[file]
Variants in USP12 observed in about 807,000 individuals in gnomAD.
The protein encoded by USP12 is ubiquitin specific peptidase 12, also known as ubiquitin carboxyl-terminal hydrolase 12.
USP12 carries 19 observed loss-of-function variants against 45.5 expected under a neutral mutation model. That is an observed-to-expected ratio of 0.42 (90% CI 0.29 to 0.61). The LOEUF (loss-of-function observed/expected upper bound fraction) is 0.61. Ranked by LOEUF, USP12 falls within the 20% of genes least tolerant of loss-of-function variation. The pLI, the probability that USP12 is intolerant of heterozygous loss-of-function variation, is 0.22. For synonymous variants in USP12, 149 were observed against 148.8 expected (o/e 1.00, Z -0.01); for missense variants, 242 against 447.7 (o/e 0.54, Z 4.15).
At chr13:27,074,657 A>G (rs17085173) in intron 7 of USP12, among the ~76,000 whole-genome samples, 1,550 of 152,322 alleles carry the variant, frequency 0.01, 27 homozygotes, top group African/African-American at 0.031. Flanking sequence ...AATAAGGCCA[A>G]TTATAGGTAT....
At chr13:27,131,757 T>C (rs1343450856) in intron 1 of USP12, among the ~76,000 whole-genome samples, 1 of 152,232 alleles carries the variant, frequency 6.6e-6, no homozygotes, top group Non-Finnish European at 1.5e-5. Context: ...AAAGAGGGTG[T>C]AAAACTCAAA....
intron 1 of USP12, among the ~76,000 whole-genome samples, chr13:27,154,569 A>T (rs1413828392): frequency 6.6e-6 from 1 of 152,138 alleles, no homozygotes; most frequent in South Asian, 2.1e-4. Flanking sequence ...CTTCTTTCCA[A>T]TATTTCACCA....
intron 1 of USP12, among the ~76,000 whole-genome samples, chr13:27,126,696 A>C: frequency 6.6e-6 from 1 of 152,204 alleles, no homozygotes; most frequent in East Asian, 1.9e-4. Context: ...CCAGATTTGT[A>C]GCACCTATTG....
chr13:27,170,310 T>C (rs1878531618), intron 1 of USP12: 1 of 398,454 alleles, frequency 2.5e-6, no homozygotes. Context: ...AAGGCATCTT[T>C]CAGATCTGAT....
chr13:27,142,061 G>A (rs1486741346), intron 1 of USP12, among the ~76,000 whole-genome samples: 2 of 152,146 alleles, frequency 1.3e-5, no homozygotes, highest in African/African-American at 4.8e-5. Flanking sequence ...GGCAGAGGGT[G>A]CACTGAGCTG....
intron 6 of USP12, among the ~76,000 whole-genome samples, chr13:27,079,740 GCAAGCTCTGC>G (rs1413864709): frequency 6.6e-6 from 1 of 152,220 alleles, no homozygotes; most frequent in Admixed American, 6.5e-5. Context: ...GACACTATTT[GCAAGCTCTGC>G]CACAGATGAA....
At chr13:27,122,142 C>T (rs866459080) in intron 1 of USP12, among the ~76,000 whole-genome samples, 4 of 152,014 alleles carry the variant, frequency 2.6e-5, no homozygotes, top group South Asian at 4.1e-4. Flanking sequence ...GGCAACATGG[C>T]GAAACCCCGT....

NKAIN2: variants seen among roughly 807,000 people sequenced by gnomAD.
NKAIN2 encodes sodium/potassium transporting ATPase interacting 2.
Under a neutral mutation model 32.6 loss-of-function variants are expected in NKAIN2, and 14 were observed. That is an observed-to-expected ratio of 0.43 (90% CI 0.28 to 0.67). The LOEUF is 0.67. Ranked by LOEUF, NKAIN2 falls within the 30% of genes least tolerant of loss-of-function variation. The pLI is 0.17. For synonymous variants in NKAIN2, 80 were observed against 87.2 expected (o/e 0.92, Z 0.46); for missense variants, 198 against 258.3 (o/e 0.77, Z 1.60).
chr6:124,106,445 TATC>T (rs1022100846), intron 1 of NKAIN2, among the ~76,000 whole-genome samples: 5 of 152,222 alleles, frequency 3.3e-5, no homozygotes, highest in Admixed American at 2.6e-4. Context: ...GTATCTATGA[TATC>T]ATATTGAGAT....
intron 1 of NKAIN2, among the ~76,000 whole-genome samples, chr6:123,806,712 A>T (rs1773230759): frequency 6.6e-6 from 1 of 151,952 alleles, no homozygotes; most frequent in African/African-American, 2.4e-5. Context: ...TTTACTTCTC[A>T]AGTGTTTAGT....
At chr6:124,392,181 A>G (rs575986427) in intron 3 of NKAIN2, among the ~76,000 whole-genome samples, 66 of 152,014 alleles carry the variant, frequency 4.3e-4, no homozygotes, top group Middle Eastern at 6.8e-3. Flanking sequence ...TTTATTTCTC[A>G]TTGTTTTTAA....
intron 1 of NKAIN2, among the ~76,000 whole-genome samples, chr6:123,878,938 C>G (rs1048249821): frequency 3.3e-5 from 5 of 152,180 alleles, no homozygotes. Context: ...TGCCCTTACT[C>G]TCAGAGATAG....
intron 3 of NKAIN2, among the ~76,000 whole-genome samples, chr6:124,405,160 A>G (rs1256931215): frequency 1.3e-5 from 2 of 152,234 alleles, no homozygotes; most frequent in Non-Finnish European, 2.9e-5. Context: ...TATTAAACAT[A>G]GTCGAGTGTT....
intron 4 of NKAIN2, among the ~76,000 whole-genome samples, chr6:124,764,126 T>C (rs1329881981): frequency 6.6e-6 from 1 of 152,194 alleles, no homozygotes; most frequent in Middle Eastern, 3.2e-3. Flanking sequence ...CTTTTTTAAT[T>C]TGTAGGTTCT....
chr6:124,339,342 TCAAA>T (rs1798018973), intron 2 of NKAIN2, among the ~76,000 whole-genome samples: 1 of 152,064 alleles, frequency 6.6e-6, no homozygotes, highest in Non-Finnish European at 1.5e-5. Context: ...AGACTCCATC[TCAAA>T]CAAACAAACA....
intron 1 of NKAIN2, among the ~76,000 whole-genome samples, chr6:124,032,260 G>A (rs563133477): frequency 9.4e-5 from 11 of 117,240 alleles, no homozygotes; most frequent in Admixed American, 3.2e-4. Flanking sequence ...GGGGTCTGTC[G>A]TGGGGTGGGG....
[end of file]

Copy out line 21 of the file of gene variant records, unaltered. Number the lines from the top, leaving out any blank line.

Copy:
chr6:124,339,342 TCAAA>T (rs1798018973), intron 2 of NKAIN2, among the ~76,000 whole-genome samples: 1 of 152,064 alleles, frequency 6.6e-6, no homozygotes, highest in Non-Finnish European at 1.5e-5. Context: ...AGACTCCATC[TCAAA>T]CAAACAAACA....